Buhler isn’t the only bartender that has recognized the merits of Sherry. Sean Sullivan, Head Bartender at Charlie Palmer’s Michelin-starred Aureole, notes that it is more that just another type of wine, “It has FAR more depth and complexity of flavor which lends itself quite nicely to cocktail creations.” When the product is finished and being enjoyed by guests, they might not even realize how much they like Sherry. 02a22c0f-685f-4c7f-9ea4-5dec6cc79dcb_1.jpgSullivan adds that when a guest asks about the ingredients, “they are pleasantly surprised to hear that there's a sherry in their cocktail.” 

If all of this talk is making you thirsty, try out one of Sullivan’s own Sherry creations:

Sullivan’s Sherry

1.5 oz Bulliet Rye
0.5 oz Guillon-Painturaud Cognac
0.5 oz Lustau San Emillo Pedro Ximenez 
3 Dashes Fee Brothers Cherry Bitters
1 long lemon twist (making sure the zest actually goes into the drink)

The views and opinions expressed in this article are those of the author and do not necessarily represent those of El Consejo Regulador.
Piora Wine Director Victoria James has worked in restaurants since she was just thirteen. While bartending during college, she took her first wine course and was instantly hooked. In 2011, she worked harvest for Michael Terien in Sonoma and then continued her studies with the American Sommelier Association in Viticulture and Vinification, as well as Blind Tasting.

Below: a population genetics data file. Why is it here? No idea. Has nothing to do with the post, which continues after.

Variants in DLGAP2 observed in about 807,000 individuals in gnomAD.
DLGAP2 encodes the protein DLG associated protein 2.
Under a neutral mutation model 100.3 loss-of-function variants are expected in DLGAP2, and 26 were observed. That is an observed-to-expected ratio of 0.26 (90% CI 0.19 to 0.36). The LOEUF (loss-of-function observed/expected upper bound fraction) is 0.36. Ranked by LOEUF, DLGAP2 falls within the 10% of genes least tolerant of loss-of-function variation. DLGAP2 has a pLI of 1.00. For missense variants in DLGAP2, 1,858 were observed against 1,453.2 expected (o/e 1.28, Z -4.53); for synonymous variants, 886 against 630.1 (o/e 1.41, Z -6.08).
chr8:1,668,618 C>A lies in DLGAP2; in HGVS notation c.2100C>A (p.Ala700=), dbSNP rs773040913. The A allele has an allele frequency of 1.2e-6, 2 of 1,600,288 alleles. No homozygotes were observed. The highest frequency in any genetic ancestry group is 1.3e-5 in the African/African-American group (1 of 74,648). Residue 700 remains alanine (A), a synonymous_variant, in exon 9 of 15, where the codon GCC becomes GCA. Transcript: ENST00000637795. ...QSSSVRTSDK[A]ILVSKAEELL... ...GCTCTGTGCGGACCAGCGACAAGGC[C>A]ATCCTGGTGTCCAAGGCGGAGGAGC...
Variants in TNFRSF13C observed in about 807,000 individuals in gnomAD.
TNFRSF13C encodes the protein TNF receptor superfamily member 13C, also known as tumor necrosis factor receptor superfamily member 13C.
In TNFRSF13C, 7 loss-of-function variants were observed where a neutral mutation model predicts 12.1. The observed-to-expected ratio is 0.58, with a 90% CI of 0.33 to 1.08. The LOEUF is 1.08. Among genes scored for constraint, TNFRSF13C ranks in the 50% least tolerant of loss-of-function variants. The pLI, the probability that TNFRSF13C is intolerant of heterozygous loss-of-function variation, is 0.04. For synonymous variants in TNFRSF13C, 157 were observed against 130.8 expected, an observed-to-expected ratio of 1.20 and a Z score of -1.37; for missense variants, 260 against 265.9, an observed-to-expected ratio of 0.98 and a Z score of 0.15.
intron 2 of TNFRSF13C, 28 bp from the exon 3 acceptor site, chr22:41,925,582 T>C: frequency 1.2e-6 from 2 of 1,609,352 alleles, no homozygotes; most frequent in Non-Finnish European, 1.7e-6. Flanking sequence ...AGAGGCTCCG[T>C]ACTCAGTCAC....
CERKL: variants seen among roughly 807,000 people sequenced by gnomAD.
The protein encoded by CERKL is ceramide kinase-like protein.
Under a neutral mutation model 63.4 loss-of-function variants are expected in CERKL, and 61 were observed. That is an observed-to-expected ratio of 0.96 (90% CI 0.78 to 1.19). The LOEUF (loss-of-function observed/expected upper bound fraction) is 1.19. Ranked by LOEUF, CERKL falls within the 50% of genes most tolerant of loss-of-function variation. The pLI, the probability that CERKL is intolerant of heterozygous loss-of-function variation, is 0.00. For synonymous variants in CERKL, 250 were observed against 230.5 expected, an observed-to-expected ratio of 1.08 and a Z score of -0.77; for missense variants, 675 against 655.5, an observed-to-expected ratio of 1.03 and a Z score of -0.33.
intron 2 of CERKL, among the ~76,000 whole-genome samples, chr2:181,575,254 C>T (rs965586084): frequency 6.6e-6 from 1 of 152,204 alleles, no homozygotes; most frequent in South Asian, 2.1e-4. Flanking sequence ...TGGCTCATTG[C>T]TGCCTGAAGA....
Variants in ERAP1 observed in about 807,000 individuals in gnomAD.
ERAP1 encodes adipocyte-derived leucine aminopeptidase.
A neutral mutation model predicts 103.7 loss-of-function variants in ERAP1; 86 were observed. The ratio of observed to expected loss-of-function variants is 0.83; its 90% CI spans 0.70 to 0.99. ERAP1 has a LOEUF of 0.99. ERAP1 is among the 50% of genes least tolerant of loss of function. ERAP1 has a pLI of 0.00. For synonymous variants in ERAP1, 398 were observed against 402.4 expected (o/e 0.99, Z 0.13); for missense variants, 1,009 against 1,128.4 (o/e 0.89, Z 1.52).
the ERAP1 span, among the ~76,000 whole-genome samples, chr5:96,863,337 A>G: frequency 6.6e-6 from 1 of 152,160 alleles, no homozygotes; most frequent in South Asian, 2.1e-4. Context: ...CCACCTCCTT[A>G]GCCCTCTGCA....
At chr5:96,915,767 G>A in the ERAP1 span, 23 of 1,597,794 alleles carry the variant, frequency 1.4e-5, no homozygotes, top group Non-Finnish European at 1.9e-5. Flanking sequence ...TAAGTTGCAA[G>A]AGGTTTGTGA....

She became certified as a Sommelier with the Court of Master Sommeliers in 2012 when she was just twenty one. Victoria became a cellar hand and bartender at downtown Manhattan’s Harry's Cafe and Steak where she helped inventory proprietor Harry Poulakakos’ legendary wine collection. She was then offered a sommelier position at Charlie Palmer's Michelin-starred Aureole in New York. After a year at Aureole, she took a sommelier position with Michael White’s Altamarea Group, first at Ristorante Morini and then at his flagship Marea, which holds two Michelin stars and three stars from The New York Times. While at Marea, she was named one of Zagat's prestigious "30 under 30" list for New York City. A keen competitor, she has also won the Ruinart Sommelier competition, Best Sommelier of the Languedoc Roussillon competition, and the Chilean Wine Challenge. Victoria joined the Piora team in the fall of 2015. She oversees the Michelin-starred wine list featuring 400 labels from small producers in Italy, France and the United States with a special focus on Champagne and Switzerland. Here she has been named Forbes '10 innovators under 30 shaking up the NY food scene' as well as 'New York's Youngest Sommelier' by The Back Label magazine.